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ANQA opens with a gloomy set-up. Behind a home’s barred windows in a seemingly cold, fog-engulfed country, a camera pans through corridors, probing into closed, dark spaces. We see a spiderweb, walls with crumbling paint, broken glass, and impressions of the sun moving across the carpet. In the sonic background we hear doors closing, people mumbling, water dripping, and birds chirping, all setting the tone for the slow-paced narration of the story: an immersion into the lives of three women, each victims of violence who have no way of escaping its attendant marginalization and stigmatization.

The camera spans the rooms, which are dark and prison-like. Curtains are closed and reopened. The film shifts between sequences of protracted wordlessness moments and narration. We see motionless women, drowning in near silence. They hardly show signs of life; they seem engulfed in sadness and loneliness. When they do speak, they narrate the trauma and alienation they experienced when revolting against the status quo. They deviated from the norm and challenged the customs that perpetuate gender inequality. In doing so, they suffered at the hands of men, society, and their families.

Power and privilege operate differently for people depending on their gender, class, age, race, religion, and other factors, as evidenced by these women. Mostly from a lower socio-economic background, they each recount the violations they were subjected to, whether physical or sexual, including rape, battery, attempted killing, incarceration, and ostracization, and how this has affected them. Throughout, however, the violence is obscured, and presented obliquely rather than directly.

The overarching structures of Arab countries are indisputably patriarchal in nature, and this leads to the disenfranchisement of women, girls, and vulnerable groups. Women throughout the Arab region are at the mercy of family laws or personal status, whether marriage, divorce, custody, or inheritance, each of which are relegated to religious authorities. This system robs women of any chance to achieve better legal standing. Faced with such an archaic legal system, these women are forced to seek justice within the confines of institutionalized patriarchy and are at the mercy of conservative family edicts.

Globally violence against women remains high where the COVID-19 pandemic, climate change, and the humanitarian crises to mention a few have further exacerbated the risks of violence, especially for the most vulnerable women and girls. In fact, according to the Arab Gender Gap Report 2020, violence against women and girls is considered “the region's top priority in the fight for gender equality”. Intimate partner violence is one of its most common forms— occurring in all settings and across socioeconomic, religious, and cultural groups—encompassing physical, sexual, and emotional abuse, and controlling behaviours.

Current legal protections fall short, and various legislations that condemn rape and early marriage, permit women the right to initiate divorce, protect women against domestic and gender-based violence, and prioritizes children’s well-being in custody disputes require amendments. Girls, especially those from poorer households, are commonly robbed of the right to education. In addition, mothers must undertake multiple burdens, raising children while juggling household chores.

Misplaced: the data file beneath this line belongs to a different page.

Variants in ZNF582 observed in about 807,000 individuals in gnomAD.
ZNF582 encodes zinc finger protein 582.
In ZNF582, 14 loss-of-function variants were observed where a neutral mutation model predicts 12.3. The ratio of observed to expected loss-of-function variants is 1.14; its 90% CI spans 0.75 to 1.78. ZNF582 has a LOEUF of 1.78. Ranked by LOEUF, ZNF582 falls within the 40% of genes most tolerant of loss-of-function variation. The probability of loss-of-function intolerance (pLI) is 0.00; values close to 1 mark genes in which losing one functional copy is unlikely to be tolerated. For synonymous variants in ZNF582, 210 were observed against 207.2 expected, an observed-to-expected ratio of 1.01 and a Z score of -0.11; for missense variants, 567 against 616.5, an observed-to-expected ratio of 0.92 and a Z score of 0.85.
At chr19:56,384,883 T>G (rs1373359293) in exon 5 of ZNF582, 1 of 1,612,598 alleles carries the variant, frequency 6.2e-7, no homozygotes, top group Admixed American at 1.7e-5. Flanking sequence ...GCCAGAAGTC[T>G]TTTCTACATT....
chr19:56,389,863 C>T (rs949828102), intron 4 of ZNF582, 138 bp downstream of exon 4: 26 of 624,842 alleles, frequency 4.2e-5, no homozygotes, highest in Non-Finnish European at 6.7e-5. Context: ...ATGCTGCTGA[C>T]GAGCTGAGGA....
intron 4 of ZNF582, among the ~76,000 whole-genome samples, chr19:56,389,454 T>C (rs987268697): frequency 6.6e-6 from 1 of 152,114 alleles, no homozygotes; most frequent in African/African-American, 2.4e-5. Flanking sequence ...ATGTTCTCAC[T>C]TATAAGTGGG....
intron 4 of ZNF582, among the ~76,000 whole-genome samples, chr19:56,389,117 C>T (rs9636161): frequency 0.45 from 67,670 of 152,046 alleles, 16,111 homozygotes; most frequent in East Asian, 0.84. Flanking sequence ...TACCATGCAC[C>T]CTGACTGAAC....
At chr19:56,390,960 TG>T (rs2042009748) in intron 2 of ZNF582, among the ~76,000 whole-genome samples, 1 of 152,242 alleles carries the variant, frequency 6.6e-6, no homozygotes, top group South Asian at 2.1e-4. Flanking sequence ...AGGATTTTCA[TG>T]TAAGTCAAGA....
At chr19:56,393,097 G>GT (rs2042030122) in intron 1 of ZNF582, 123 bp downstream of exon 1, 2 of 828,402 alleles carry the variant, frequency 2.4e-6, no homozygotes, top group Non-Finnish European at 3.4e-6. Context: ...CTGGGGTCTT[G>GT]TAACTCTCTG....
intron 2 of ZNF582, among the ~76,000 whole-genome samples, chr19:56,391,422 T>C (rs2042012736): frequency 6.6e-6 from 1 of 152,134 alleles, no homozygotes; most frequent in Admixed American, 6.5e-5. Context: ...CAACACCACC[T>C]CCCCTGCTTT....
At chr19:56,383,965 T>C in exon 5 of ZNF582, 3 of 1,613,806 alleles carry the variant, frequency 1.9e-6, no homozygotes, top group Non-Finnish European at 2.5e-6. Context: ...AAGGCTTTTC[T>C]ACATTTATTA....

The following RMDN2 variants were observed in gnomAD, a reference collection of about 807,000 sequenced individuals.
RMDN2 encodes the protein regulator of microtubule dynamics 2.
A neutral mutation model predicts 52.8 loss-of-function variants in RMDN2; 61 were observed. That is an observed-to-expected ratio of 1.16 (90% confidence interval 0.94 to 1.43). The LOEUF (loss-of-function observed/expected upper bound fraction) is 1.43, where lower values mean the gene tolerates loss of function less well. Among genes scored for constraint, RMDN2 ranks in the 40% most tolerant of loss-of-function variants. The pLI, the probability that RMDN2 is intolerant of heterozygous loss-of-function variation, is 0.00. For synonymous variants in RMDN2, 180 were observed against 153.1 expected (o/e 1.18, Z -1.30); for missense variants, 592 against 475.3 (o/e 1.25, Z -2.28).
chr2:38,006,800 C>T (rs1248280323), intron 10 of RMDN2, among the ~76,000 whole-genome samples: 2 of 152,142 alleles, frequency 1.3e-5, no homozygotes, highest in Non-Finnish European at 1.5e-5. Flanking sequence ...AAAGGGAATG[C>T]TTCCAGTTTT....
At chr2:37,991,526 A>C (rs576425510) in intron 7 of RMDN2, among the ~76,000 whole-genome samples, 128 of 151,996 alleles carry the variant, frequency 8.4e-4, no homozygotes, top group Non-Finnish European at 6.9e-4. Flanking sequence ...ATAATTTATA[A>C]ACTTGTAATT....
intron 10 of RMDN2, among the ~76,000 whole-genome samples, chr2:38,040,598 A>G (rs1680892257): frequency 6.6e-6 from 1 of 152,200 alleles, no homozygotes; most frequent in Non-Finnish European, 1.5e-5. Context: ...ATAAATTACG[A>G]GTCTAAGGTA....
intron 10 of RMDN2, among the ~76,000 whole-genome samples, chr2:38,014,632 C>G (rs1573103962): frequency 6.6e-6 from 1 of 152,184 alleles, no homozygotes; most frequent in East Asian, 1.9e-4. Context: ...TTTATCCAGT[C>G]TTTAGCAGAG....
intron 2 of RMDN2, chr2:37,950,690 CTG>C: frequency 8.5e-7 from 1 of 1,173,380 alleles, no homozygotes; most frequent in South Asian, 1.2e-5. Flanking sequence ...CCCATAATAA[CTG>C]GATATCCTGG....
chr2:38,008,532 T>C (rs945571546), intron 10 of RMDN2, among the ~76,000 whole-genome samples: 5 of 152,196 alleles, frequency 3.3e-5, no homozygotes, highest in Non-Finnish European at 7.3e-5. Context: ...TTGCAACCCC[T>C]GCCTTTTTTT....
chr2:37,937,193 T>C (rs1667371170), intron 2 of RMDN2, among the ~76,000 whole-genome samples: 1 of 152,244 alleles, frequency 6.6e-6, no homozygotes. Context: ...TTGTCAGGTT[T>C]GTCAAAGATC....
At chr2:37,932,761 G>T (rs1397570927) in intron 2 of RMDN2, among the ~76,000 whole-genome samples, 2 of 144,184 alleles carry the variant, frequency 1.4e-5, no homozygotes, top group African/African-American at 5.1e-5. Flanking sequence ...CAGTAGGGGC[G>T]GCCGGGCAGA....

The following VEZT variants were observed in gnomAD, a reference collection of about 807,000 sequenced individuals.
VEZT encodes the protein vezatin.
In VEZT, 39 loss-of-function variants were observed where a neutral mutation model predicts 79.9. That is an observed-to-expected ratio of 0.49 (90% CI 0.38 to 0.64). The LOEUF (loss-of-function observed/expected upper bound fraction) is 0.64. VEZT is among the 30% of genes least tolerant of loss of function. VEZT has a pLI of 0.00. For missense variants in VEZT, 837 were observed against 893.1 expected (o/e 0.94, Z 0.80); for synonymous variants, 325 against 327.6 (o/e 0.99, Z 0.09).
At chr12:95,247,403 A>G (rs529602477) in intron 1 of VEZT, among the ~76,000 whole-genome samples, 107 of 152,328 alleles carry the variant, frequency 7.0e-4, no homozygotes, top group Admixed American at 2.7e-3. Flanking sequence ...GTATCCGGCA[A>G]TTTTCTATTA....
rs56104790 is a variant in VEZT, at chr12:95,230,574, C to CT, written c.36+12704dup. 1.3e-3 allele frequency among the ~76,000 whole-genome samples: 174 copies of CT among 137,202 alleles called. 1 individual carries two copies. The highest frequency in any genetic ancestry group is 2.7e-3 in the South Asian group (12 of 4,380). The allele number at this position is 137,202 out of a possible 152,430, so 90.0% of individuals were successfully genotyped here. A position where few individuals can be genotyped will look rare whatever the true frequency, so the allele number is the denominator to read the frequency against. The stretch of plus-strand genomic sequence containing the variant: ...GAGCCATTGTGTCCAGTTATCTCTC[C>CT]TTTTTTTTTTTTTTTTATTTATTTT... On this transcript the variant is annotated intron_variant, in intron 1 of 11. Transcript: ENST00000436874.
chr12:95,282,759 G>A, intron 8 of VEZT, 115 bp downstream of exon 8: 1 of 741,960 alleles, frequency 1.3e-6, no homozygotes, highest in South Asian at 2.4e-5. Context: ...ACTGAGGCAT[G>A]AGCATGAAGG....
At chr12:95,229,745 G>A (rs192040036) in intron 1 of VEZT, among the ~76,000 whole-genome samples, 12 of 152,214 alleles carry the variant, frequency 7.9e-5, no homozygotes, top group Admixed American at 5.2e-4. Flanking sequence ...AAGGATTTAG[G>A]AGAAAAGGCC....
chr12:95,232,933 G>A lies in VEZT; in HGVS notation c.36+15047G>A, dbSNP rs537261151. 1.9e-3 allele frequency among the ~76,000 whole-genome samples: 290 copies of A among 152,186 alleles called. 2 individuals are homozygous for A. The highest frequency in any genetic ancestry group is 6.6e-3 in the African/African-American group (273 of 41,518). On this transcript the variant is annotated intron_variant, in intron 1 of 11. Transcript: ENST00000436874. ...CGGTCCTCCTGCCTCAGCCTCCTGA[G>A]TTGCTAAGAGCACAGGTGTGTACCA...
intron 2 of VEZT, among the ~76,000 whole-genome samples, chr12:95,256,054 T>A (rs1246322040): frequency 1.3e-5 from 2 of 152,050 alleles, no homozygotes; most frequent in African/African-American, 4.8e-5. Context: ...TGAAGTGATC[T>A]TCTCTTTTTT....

In a context where religious understandings of gender roles and gender justice issues are the norm, vulnerable and marginalized communities fare even worse. Social protection plans fail to prioritize women, girls, and the most vulnerable, just as the justice system often fails women victims of violence. Survivors of exploitation and abuse are left to fend for themselves.

The women in ANQA give a human face to tragedy, isolation, and incarceration, all while exploring their lives and the painful traces of the memories they’ve lived. “Prison life is like being half dead,” one recounts. While narrating the abuse she experienced, a close-up confirms her tears, despite her harsh stare and look. Morbid music, coupled with an assembly that emphasizes close-ups, reveals true agony in the expressions of the frail faces and near-deranged looks.

The film ends with the director asking one protagonist if she endorses a possible view of her as “the remains of a woman”; she answers “they are stupid, I am not the remains of a woman. How can I be remains when I exist, I am here.” Despite the violations these women underwent, they’ve opted to take matters into their own hands, revolt against the status quo, tell their stories, and take matters into their own hands.

Women in the Arab region continue to experience a backlash against their long-overdue rights and fundamental freedoms, and we have a long way to go to counter the structural barriers that maintain such discrimination. As is apparent, gender emerges and remains a determining factor in the access to rights and privileges, while calls for equality and gender justice should be intersectional in nature. It’s the only way to ensure no one is left behind.

Myriam Sfeir is the director of the Arab Institute for Women at the Lebanese American University


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